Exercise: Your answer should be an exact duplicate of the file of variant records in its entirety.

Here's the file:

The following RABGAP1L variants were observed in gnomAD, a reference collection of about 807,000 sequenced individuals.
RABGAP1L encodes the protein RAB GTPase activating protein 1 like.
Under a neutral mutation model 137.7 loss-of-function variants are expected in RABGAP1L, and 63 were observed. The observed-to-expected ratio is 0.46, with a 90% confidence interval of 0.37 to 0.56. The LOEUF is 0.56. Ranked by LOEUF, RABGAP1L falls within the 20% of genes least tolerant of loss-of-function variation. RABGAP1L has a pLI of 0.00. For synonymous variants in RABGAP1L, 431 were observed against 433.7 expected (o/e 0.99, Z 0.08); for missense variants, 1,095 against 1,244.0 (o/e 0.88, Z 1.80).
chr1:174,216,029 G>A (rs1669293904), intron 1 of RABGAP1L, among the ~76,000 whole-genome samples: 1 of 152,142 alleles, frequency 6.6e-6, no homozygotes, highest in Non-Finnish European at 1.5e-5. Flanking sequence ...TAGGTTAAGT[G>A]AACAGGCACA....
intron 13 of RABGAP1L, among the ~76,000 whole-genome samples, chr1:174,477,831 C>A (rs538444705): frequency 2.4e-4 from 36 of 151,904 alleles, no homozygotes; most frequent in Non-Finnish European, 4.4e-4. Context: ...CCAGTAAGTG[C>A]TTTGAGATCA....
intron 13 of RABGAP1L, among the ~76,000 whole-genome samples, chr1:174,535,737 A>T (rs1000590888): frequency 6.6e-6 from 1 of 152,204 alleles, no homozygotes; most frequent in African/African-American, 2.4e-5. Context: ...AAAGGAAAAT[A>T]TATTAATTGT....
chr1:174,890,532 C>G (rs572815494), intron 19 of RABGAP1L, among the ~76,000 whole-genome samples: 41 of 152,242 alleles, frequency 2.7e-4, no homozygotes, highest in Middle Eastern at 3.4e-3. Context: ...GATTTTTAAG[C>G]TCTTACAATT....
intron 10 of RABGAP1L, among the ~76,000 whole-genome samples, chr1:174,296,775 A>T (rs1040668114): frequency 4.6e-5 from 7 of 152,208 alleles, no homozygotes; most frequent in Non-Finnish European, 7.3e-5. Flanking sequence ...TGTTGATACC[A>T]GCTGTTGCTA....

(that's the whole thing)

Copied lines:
The following RABGAP1L variants were observed in gnomAD, a reference collection of about 807,000 sequenced individuals.
RABGAP1L encodes the protein RAB GTPase activating protein 1 like.
Under a neutral mutation model 137.7 loss-of-function variants are expected in RABGAP1L, and 63 were observed. The observed-to-expected ratio is 0.46, with a 90% confidence interval of 0.37 to 0.56. The LOEUF is 0.56. Ranked by LOEUF, RABGAP1L falls within the 20% of genes least tolerant of loss-of-function variation. RABGAP1L has a pLI of 0.00. For synonymous variants in RABGAP1L, 431 were observed against 433.7 expected (o/e 0.99, Z 0.08); for missense variants, 1,095 against 1,244.0 (o/e 0.88, Z 1.80).
chr1:174,216,029 G>A (rs1669293904), intron 1 of RABGAP1L, among the ~76,000 whole-genome samples: 1 of 152,142 alleles, frequency 6.6e-6, no homozygotes, highest in Non-Finnish European at 1.5e-5. Flanking sequence ...TAGGTTAAGT[G>A]AACAGGCACA....
intron 13 of RABGAP1L, among the ~76,000 whole-genome samples, chr1:174,477,831 C>A (rs538444705): frequency 2.4e-4 from 36 of 151,904 alleles, no homozygotes; most frequent in Non-Finnish European, 4.4e-4. Context: ...CCAGTAAGTG[C>A]TTTGAGATCA....
intron 13 of RABGAP1L, among the ~76,000 whole-genome samples, chr1:174,535,737 A>T (rs1000590888): frequency 6.6e-6 from 1 of 152,204 alleles, no homozygotes; most frequent in African/African-American, 2.4e-5. Context: ...AAAGGAAAAT[A>T]TATTAATTGT....
chr1:174,890,532 C>G (rs572815494), intron 19 of RABGAP1L, among the ~76,000 whole-genome samples: 41 of 152,242 alleles, frequency 2.7e-4, no homozygotes, highest in Middle Eastern at 3.4e-3. Context: ...GATTTTTAAG[C>G]TCTTACAATT....
intron 10 of RABGAP1L, among the ~76,000 whole-genome samples, chr1:174,296,775 A>T (rs1040668114): frequency 4.6e-5 from 7 of 152,208 alleles, no homozygotes; most frequent in Non-Finnish European, 7.3e-5. Flanking sequence ...TGTTGATACC[A>T]GCTGTTGCTA....